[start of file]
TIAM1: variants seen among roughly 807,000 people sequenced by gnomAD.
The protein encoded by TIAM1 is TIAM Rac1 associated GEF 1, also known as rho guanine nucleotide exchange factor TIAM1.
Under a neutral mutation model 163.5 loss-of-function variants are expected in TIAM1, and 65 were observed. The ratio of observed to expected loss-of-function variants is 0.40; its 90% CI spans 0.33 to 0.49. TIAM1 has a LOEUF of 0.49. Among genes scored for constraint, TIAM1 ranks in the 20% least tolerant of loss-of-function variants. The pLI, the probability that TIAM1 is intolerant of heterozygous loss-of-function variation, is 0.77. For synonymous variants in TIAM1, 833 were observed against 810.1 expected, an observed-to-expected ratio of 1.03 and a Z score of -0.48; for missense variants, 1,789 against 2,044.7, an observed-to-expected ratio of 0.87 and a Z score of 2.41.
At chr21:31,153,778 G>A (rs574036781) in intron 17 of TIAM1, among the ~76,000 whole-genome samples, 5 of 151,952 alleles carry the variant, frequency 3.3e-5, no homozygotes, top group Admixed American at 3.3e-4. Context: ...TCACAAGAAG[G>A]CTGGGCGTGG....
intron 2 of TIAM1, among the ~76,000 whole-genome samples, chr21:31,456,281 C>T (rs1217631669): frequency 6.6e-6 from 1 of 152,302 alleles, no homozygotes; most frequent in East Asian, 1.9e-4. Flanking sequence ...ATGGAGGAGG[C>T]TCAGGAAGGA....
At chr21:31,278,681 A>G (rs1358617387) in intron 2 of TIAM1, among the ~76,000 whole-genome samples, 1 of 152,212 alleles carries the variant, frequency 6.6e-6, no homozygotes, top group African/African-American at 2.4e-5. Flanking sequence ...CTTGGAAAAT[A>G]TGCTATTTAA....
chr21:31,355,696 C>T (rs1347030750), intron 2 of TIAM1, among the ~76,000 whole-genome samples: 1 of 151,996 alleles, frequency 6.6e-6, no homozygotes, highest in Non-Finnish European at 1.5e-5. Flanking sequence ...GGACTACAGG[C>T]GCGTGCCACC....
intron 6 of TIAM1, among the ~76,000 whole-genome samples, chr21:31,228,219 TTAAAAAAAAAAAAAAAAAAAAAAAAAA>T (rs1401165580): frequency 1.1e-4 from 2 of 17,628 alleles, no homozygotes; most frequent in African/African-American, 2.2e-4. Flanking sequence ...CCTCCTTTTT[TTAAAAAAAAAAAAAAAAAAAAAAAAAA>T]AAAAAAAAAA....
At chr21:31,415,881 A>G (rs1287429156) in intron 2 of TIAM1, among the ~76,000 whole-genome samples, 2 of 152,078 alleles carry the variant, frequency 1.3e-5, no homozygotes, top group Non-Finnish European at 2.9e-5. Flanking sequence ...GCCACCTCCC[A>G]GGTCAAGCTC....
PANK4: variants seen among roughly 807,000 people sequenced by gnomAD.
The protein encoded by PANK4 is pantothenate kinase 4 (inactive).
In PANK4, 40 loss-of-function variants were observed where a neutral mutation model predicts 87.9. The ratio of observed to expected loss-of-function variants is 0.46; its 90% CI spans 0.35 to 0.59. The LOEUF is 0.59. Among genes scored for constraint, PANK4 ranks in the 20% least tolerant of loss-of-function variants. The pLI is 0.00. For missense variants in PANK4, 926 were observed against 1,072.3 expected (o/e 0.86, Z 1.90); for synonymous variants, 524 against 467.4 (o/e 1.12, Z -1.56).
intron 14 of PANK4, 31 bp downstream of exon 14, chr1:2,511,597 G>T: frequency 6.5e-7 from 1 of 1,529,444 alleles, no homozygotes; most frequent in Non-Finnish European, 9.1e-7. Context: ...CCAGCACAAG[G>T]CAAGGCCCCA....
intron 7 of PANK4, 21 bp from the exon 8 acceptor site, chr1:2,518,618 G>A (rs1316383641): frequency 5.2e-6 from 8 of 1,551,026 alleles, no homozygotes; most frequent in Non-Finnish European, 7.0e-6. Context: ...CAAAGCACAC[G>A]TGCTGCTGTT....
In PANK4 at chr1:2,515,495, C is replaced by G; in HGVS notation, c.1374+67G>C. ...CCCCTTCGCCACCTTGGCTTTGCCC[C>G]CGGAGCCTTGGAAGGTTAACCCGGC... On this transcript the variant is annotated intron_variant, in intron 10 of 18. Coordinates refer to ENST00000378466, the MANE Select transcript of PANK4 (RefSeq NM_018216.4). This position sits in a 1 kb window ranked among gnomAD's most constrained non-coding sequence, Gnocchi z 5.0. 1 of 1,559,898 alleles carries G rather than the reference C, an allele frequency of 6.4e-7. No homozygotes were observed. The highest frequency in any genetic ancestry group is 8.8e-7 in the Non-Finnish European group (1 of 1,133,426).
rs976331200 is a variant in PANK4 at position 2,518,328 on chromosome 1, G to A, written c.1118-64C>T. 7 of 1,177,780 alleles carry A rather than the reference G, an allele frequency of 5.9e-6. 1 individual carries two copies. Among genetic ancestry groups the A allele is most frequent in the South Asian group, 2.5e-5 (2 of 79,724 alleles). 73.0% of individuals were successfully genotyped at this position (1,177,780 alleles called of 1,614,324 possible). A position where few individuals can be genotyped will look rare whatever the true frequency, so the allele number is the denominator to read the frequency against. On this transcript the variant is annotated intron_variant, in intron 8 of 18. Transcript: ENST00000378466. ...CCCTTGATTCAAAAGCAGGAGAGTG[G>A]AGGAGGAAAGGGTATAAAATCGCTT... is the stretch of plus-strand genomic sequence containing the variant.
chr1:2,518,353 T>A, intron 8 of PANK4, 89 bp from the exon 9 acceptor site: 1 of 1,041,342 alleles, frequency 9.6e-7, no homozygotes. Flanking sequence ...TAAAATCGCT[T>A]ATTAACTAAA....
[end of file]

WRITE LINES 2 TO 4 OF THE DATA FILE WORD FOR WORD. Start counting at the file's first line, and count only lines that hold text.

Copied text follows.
The protein encoded by TIAM1 is TIAM Rac1 associated GEF 1, also known as rho guanine nucleotide exchange factor TIAM1.
Under a neutral mutation model 163.5 loss-of-function variants are expected in TIAM1, and 65 were observed. The ratio of observed to expected loss-of-function variants is 0.40; its 90% CI spans 0.33 to 0.49. TIAM1 has a LOEUF of 0.49. Among genes scored for constraint, TIAM1 ranks in the 20% least tolerant of loss-of-function variants. The pLI, the probability that TIAM1 is intolerant of heterozygous loss-of-function variation, is 0.77. For synonymous variants in TIAM1, 833 were observed against 810.1 expected, an observed-to-expected ratio of 1.03 and a Z score of -0.48; for missense variants, 1,789 against 2,044.7, an observed-to-expected ratio of 0.87 and a Z score of 2.41.
At chr21:31,153,778 G>A (rs574036781) in intron 17 of TIAM1, among the ~76,000 whole-genome samples, 5 of 151,952 alleles carry the variant, frequency 3.3e-5, no homozygotes, top group Admixed American at 3.3e-4. Context: ...TCACAAGAAG[G>A]CTGGGCGTGG....